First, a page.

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Microfinance believed to be connected to poverty alleviation in India and Bangladesh

"Nearly 45 million people saw their incomes rise above US$1 .25 (INR 56) per day in the two decades ending 2010. A report based on a survey of more than 15,000 Indian households by the India Development Foundation finds that: ‘There is significant correlation in both India and Bangladesh between the presence of microfinance and the movement out of poverty in the rural areas of both the countries, especially in the early years.’”

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Bangladesh needs consistent power and gas supply to maintain growth

“The ongoing shortage of power and gas supply will be the main obstacle to Bangladesh’s economic growth, as forecasted by the Bangladesh Bank (BB). The government’s ability to eliminate energy shortages and to add capacity will have significant effects on short- and medium-term growth.”

Implications from IFTF:

We often focus development efforts on new technologies and innovations, this signal however points out something very important. Without basic infrastructures growth will only reach a certain level, until basic infrastructures are in place.

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India finds success in ‘affordable private schools’

“Achieving universal primary education is listed as goal two in the Millennium Development Goals. Yet, the debate on who should deliver this service is still open. Education is seen widely among development professionals as deliverable by the State. Most developing countries, and particularly India, Bangladesh and Pakistan, have a public education system in place to provide education to the poor, but by most accounts, this system has not lived up to expectations.

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Sources:

Intellecap October 2009, pages 4-6
http://newsletters.clearsignals.org/Intellecap_Oct2009.pdf#pg=4

- Baird, Ross. Private Schools for the Poor. Grey Matters Capital, 2009. Tooley, James and Pauline Dixon. Private Schools for the Poor – A Case Study from India, CfBT Research and Development, 2003.

 Maleka Khatoon School: http://school4poor.com/docs_pdf/the_story.pdf

- Mati School: http://www.betterplace.org/projects/903-mati-school-education-for-extremely-poorchildren

 Private schools in Pakistan: http://www.yespakistan.com/education/private_schools.asp

 Clive Crook, The Ten-cent Solution, The Atlantic, http://www.theatlantic.com/doc/200703/crook-schools

 Richard Garner, Professor given $100m to save world's schools, The Independent,
http://www.independent.co.uk/news/education/education-news/professor-given-100m-to-saveworlds-schools-436574.html

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Solar Irrigation Technology in Bangladesh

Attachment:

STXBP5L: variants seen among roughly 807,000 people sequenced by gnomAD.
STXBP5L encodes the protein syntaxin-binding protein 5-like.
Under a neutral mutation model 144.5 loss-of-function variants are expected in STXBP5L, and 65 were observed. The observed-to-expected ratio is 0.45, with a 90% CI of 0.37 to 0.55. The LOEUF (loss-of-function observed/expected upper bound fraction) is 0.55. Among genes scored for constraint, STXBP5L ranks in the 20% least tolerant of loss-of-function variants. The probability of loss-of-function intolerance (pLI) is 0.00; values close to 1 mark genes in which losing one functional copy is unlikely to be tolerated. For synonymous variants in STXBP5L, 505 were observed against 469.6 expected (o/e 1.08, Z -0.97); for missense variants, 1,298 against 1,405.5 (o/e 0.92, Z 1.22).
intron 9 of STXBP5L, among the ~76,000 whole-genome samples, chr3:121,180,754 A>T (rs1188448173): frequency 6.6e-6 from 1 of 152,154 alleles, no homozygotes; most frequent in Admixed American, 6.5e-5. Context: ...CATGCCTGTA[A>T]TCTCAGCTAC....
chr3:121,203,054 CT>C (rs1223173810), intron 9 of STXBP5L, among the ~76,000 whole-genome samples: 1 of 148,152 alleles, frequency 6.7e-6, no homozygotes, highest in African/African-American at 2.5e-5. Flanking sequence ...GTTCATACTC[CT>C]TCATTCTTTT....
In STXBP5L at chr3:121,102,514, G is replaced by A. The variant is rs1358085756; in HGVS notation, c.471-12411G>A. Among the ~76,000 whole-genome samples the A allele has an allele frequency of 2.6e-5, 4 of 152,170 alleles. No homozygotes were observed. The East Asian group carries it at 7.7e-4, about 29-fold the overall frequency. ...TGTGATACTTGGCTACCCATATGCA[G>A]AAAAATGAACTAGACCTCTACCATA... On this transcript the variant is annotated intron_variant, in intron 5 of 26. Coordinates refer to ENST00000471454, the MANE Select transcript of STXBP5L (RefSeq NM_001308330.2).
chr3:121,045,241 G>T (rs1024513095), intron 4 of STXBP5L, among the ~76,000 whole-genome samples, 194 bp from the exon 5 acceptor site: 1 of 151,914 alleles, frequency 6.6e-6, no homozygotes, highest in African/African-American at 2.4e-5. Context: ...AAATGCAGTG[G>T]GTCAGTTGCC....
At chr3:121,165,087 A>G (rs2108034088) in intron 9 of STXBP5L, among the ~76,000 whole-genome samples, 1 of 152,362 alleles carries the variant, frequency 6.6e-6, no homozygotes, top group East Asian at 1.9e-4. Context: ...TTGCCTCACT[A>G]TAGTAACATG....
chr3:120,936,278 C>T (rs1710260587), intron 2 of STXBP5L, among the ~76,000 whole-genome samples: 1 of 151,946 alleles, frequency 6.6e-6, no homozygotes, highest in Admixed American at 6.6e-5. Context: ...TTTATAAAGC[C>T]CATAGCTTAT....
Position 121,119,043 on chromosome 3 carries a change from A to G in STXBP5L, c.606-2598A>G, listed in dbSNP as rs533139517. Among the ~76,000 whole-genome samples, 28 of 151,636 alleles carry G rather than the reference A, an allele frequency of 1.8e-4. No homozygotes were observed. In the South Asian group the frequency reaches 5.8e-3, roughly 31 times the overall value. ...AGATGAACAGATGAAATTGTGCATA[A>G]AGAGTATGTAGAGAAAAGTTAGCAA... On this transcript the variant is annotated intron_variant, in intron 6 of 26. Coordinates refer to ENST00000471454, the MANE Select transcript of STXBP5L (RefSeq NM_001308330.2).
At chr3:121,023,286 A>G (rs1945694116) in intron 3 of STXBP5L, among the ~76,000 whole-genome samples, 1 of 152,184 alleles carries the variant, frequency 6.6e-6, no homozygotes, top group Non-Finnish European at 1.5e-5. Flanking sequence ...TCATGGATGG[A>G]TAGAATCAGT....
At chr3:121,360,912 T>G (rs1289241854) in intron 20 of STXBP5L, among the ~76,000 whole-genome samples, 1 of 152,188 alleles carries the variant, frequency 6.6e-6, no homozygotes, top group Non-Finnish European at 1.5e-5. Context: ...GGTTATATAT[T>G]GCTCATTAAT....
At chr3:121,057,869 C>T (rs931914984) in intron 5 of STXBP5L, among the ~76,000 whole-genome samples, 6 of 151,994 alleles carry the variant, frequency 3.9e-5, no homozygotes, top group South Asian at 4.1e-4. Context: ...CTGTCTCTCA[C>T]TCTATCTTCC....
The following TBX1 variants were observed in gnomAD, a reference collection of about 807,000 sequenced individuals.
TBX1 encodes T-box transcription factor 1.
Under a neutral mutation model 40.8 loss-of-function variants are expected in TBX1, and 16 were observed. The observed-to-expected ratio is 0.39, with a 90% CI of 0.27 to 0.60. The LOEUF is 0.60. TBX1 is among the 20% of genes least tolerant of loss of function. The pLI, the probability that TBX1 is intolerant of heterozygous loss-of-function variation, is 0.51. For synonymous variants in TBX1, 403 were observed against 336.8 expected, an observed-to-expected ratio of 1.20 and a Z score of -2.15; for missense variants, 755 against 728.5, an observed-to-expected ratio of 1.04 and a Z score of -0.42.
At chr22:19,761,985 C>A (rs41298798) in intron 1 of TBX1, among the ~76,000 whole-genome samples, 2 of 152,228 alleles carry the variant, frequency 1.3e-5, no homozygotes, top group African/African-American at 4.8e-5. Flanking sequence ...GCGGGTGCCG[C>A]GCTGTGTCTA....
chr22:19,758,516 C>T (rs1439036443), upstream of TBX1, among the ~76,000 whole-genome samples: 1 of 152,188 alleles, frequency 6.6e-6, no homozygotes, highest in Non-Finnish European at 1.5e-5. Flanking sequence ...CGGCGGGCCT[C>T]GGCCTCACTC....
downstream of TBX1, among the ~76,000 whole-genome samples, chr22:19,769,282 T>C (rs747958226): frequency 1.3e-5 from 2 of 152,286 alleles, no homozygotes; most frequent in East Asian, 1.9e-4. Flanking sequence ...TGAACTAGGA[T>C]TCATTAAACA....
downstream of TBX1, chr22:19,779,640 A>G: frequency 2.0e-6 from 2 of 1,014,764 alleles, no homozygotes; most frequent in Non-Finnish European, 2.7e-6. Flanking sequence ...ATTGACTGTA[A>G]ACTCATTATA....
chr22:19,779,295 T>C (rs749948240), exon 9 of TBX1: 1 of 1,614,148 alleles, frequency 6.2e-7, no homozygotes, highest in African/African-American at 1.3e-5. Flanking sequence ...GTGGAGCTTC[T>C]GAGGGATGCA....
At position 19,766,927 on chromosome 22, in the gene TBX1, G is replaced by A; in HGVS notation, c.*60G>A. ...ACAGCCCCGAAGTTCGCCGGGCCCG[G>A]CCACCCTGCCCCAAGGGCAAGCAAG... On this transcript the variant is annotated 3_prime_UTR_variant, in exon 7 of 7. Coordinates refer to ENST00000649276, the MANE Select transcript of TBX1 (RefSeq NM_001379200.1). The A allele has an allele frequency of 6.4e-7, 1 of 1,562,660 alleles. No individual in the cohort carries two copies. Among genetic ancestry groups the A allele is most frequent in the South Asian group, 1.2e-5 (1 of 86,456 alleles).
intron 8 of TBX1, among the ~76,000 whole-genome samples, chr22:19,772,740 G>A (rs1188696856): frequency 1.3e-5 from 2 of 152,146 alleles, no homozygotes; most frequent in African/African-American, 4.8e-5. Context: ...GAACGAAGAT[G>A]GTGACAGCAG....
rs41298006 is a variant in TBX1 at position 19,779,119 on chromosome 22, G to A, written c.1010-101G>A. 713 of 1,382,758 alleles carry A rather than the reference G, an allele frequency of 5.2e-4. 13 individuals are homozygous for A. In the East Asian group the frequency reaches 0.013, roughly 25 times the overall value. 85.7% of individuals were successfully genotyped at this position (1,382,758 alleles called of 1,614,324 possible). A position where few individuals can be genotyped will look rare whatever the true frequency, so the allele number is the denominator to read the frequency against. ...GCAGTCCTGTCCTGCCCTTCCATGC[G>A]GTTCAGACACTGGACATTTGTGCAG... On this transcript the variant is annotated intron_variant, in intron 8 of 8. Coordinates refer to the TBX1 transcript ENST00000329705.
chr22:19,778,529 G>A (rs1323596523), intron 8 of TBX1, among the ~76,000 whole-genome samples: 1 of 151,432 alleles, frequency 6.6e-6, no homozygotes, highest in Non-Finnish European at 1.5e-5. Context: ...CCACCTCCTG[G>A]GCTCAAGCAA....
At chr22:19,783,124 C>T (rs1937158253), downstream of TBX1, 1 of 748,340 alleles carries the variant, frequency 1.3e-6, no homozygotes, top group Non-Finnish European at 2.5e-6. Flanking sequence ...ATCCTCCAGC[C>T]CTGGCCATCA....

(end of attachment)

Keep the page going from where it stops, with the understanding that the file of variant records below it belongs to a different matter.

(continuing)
“In Bangladesh, the introduction of solar water pumps, which are manufactured using locally available technologies, will not only help poor and marginal farmers increase their yield but also bring down their agricultural production costs substantially in the next 20 years.

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Bangladesh utilizing IT to aid healthcare system

The digitizing of the healthcare system is still a long way off for many developing nations. Bangladesh on the other hand is moving full speed ahead with innovative uses and investments for ehealth. Below are some examples from SFG.

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Bangladesh is paying people for further training

In an attempt to combat unemployment, Bangladesh launched a training program that will pay people with high school educations to get training in particular fields, and then provide them with a 2 year employment contract at 80USD a month.

2.01
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Formal sector working to help the informal sector

The informal shipwrecking industry in Bangladesh, India, and Pakistan truly epitomizes modern day labor exploitation as mentioned in this signal. In India we are seeing the formal dock workers teaming up with their neighboring shipbreakers in order to help them better their labor conditions.

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International labor laws may become more lax

“As tattered laborers wait beachside in a secluded Mumbai port, an aging ship making its twilight voyage runs aground, settling its hull into the sand before flopping, listlessly, on its thick steel side . The shipbreakers rush to the death scene of the expired vessel and, without hesitation, begin the long, laborious process of dismantling the scrapped ship by hand. Wading through toxins, pulling apart asbestos-laden pieces and inhaling oil, gas and other hazardous fumes earns them a meager wage for the day.

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Solar Energy investments in Bangladesh could supplement, replace electricity grid

The major gaps in Bangladesh's energy grid and the growing energy crisis could be met by distributed solar energy systems. These have enabled electrification in many villages, where the grid will not realistically extend for another 30 years, and they can address issues of both access and supply. Bangladesh has made some moves to support the industry, but more are needed if solar energy will be a major part of an energy solution.

Intellecap writes,

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